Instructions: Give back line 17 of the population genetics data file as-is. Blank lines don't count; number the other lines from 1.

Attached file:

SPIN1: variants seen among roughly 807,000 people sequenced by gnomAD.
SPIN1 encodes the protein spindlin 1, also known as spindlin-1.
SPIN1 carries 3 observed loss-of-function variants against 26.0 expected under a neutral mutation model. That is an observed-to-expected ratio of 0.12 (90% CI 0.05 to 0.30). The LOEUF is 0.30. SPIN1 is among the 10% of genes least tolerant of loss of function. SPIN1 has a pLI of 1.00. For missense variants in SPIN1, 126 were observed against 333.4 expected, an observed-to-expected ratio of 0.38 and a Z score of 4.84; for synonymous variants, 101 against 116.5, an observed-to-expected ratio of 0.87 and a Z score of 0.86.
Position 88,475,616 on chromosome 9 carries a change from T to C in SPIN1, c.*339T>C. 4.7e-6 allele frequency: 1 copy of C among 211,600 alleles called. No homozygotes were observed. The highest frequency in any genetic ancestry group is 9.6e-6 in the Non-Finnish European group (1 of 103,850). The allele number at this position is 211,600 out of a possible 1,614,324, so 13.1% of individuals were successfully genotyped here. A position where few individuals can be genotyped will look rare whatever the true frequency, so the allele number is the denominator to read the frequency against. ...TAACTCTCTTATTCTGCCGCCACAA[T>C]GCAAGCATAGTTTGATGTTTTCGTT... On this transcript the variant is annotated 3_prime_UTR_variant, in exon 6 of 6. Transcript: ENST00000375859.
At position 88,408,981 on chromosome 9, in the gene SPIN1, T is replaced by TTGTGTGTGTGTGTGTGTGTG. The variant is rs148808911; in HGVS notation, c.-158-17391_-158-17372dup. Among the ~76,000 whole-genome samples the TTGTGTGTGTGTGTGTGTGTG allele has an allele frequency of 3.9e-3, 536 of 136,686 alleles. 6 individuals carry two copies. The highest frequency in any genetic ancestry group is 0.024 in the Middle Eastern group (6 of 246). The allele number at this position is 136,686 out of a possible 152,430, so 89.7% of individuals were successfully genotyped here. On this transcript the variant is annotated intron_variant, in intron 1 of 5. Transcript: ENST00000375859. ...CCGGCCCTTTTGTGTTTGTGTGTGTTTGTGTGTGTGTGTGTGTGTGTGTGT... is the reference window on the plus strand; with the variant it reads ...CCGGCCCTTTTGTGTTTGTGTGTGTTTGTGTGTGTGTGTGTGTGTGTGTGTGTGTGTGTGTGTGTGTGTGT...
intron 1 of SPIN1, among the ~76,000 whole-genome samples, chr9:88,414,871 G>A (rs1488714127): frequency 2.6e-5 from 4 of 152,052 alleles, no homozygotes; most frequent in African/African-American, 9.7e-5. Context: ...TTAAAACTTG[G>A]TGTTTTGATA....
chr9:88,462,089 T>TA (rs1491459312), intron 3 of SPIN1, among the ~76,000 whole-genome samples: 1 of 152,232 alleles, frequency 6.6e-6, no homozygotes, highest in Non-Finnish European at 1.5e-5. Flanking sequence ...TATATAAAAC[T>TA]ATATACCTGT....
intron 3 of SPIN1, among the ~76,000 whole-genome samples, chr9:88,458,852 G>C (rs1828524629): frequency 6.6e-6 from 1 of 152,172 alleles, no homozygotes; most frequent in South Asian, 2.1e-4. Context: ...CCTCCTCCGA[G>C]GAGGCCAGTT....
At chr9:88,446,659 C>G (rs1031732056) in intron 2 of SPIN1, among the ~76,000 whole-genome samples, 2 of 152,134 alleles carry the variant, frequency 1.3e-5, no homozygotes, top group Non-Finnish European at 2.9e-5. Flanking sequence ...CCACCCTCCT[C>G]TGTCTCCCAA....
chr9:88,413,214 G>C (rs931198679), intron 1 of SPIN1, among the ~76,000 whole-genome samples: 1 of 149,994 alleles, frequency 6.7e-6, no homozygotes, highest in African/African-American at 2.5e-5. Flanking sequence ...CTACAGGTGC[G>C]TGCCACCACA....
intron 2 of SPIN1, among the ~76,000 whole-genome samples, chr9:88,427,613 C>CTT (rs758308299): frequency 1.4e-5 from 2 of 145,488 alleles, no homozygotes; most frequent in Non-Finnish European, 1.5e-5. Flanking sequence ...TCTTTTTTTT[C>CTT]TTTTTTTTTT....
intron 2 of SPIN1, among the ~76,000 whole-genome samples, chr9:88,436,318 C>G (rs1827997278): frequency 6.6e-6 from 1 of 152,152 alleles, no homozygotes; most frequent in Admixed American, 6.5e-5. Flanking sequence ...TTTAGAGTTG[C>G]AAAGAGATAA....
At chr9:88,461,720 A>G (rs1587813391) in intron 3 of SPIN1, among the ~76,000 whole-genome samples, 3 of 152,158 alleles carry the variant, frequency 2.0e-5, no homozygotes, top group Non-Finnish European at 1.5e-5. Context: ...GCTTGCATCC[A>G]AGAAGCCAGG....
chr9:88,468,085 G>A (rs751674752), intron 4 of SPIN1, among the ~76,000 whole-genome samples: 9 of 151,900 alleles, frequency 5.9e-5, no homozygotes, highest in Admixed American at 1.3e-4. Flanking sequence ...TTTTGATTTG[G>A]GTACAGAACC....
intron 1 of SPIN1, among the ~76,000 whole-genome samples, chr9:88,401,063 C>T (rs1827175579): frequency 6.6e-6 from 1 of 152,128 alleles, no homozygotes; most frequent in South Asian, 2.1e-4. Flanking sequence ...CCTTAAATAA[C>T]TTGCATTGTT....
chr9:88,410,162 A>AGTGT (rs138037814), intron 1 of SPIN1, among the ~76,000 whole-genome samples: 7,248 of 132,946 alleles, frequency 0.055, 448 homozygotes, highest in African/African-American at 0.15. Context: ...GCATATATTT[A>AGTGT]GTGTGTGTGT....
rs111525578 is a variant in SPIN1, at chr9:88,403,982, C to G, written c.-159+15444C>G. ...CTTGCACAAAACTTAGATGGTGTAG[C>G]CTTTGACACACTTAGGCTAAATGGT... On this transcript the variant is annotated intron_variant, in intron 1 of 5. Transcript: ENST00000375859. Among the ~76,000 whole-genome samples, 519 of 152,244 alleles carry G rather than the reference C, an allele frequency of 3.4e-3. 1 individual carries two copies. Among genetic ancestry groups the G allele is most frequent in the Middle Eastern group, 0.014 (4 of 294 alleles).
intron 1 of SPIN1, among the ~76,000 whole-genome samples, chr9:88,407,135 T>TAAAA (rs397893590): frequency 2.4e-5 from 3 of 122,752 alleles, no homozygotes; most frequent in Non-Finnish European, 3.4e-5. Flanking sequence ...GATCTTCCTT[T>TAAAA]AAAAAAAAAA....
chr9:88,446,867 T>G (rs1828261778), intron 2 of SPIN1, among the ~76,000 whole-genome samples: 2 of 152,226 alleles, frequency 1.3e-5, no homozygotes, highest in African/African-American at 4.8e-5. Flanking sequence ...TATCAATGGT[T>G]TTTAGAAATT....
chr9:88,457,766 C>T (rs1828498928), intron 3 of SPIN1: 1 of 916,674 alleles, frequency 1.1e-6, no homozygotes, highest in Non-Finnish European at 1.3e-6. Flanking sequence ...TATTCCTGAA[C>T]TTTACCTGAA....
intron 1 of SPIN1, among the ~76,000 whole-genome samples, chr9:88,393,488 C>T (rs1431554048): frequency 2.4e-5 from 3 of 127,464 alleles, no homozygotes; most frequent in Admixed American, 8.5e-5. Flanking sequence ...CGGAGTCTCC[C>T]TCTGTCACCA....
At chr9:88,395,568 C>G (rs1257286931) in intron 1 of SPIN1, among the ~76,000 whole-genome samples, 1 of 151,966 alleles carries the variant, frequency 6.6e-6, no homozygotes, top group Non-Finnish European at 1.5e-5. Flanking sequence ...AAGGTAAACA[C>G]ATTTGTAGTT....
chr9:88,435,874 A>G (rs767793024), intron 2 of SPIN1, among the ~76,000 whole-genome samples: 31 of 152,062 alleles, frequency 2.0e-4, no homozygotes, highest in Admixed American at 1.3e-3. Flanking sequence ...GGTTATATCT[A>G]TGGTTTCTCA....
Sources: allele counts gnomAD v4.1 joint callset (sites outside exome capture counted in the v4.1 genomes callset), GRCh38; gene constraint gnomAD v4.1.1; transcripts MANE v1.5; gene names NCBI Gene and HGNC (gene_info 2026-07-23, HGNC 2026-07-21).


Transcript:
rs111525578 is a variant in SPIN1, at chr9:88,403,982, C to G, written c.-159+15444C>G. ...CTTGCACAAAACTTAGATGGTGTAG[C>G]CTTTGACACACTTAGGCTAAATGGT... On this transcript the variant is annotated intron_variant, in intron 1 of 5. Transcript: ENST00000375859. Among the ~76,000 whole-genome samples, 519 of 152,244 alleles carry G rather than the reference C, an allele frequency of 3.4e-3. 1 individual carries two copies. Among genetic ancestry groups the G allele is most frequent in the Middle Eastern group, 0.014 (4 of 294 alleles).